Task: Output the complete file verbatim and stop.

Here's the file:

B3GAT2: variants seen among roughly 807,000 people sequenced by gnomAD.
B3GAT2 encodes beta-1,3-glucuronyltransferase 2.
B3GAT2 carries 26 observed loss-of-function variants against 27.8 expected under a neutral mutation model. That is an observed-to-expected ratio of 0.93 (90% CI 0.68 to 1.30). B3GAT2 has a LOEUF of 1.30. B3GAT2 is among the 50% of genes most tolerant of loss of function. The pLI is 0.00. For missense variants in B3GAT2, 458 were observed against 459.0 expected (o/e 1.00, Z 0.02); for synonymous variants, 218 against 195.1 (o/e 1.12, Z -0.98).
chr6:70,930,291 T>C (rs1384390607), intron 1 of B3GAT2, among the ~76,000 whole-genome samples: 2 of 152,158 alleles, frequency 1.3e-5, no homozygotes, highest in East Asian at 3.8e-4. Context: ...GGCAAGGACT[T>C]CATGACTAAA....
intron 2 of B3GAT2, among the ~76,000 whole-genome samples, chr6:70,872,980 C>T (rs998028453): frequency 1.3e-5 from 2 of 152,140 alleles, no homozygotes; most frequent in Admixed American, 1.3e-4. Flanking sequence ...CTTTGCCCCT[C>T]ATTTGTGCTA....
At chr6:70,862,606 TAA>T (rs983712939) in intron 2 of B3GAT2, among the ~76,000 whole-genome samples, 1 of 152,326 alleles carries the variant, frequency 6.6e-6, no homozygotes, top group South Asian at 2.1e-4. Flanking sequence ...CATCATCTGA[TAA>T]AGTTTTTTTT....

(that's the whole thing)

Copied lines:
B3GAT2: variants seen among roughly 807,000 people sequenced by gnomAD.
B3GAT2 encodes beta-1,3-glucuronyltransferase 2.
B3GAT2 carries 26 observed loss-of-function variants against 27.8 expected under a neutral mutation model. That is an observed-to-expected ratio of 0.93 (90% CI 0.68 to 1.30). B3GAT2 has a LOEUF of 1.30. B3GAT2 is among the 50% of genes most tolerant of loss of function. The pLI is 0.00. For missense variants in B3GAT2, 458 were observed against 459.0 expected (o/e 1.00, Z 0.02); for synonymous variants, 218 against 195.1 (o/e 1.12, Z -0.98).
chr6:70,930,291 T>C (rs1384390607), intron 1 of B3GAT2, among the ~76,000 whole-genome samples: 2 of 152,158 alleles, frequency 1.3e-5, no homozygotes, highest in East Asian at 3.8e-4. Context: ...GGCAAGGACT[T>C]CATGACTAAA....
intron 2 of B3GAT2, among the ~76,000 whole-genome samples, chr6:70,872,980 C>T (rs998028453): frequency 1.3e-5 from 2 of 152,140 alleles, no homozygotes; most frequent in Admixed American, 1.3e-4. Flanking sequence ...CTTTGCCCCT[C>T]ATTTGTGCTA....
At chr6:70,862,606 TAA>T (rs983712939) in intron 2 of B3GAT2, among the ~76,000 whole-genome samples, 1 of 152,326 alleles carries the variant, frequency 6.6e-6, no homozygotes, top group South Asian at 2.1e-4. Flanking sequence ...CATCATCTGA[TAA>T]AGTTTTTTTT....